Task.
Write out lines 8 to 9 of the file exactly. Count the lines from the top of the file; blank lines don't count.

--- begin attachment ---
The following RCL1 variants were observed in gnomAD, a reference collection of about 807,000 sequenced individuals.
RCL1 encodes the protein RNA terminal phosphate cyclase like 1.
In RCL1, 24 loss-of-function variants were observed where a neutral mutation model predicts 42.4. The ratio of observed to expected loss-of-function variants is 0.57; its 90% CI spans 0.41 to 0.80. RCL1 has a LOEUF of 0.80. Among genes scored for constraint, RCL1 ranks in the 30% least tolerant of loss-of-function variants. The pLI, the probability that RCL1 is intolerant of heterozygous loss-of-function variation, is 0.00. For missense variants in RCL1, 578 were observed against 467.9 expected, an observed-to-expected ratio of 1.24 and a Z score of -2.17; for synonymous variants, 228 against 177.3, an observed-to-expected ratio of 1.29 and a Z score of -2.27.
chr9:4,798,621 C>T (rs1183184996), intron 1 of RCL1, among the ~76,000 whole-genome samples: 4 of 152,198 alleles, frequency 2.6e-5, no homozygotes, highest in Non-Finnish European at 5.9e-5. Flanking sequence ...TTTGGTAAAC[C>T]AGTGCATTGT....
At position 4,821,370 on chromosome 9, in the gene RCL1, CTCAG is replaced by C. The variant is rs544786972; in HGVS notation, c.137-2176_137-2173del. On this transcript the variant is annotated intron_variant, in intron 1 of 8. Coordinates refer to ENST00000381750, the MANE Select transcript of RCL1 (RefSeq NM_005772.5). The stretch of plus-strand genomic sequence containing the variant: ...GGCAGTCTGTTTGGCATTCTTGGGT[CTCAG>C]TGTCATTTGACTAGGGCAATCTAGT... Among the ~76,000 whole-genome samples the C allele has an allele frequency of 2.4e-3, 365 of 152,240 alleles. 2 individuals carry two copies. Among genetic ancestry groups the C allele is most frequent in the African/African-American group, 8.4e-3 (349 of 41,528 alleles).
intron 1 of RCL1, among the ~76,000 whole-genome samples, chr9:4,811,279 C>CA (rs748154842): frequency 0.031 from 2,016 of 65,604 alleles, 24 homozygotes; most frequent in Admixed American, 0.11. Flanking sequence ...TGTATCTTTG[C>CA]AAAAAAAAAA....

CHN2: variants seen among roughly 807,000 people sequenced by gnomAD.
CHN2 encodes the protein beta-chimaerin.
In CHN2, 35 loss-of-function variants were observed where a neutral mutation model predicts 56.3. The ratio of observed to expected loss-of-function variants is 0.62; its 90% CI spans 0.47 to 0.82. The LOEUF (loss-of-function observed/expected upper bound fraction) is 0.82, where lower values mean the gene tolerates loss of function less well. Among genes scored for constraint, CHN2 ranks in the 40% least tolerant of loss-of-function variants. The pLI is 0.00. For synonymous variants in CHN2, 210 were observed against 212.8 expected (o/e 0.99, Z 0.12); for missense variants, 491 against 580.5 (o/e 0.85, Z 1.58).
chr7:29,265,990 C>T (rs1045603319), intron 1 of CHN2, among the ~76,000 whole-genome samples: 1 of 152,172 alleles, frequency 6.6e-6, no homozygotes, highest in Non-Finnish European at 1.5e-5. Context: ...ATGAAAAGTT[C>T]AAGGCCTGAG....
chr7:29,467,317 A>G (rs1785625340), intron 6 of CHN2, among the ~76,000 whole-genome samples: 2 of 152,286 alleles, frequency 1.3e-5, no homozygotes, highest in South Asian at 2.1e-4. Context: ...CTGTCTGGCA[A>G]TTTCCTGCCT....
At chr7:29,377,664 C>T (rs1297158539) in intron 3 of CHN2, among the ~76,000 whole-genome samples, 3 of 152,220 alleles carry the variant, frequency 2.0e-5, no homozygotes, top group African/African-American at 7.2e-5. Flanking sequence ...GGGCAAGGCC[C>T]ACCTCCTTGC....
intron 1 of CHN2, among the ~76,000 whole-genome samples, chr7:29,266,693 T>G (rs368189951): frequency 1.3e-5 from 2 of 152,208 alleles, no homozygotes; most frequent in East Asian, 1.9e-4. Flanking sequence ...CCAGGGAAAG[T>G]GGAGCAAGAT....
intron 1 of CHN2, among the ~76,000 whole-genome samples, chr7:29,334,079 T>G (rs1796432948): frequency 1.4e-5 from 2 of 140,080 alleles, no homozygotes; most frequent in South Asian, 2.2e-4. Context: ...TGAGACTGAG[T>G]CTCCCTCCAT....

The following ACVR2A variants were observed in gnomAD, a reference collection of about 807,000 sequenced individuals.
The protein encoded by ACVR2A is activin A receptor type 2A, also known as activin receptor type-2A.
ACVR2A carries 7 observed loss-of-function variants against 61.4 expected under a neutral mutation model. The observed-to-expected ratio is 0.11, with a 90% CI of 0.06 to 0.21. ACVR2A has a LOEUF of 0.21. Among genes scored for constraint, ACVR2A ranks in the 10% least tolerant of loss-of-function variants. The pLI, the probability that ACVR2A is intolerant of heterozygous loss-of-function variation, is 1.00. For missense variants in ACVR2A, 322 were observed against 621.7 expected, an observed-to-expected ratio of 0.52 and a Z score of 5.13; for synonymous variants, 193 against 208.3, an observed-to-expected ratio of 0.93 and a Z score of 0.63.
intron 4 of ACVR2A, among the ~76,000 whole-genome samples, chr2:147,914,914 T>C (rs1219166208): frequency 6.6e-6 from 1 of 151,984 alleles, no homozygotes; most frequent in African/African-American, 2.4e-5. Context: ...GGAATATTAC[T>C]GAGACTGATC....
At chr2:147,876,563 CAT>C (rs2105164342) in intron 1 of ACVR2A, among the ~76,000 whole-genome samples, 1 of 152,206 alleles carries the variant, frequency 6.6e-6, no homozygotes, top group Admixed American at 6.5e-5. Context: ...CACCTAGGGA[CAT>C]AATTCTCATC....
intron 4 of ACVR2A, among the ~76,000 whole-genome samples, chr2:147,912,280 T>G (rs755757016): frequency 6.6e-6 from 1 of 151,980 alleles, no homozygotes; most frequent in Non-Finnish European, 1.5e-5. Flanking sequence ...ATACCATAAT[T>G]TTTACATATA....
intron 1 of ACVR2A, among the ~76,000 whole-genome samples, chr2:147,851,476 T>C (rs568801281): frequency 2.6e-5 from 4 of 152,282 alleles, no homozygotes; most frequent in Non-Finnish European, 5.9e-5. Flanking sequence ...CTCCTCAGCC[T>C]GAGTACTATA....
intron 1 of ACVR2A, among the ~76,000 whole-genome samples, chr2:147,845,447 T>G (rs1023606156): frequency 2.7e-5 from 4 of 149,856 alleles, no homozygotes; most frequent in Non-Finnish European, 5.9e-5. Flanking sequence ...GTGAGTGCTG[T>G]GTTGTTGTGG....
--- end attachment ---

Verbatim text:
CHN2 encodes the protein beta-chimaerin.
In CHN2, 35 loss-of-function variants were observed where a neutral mutation model predicts 56.3. The ratio of observed to expected loss-of-function variants is 0.62; its 90% CI spans 0.47 to 0.82. The LOEUF (loss-of-function observed/expected upper bound fraction) is 0.82, where lower values mean the gene tolerates loss of function less well. Among genes scored for constraint, CHN2 ranks in the 40% least tolerant of loss-of-function variants. The pLI is 0.00. For synonymous variants in CHN2, 210 were observed against 212.8 expected (o/e 0.99, Z 0.12); for missense variants, 491 against 580.5 (o/e 0.85, Z 1.58).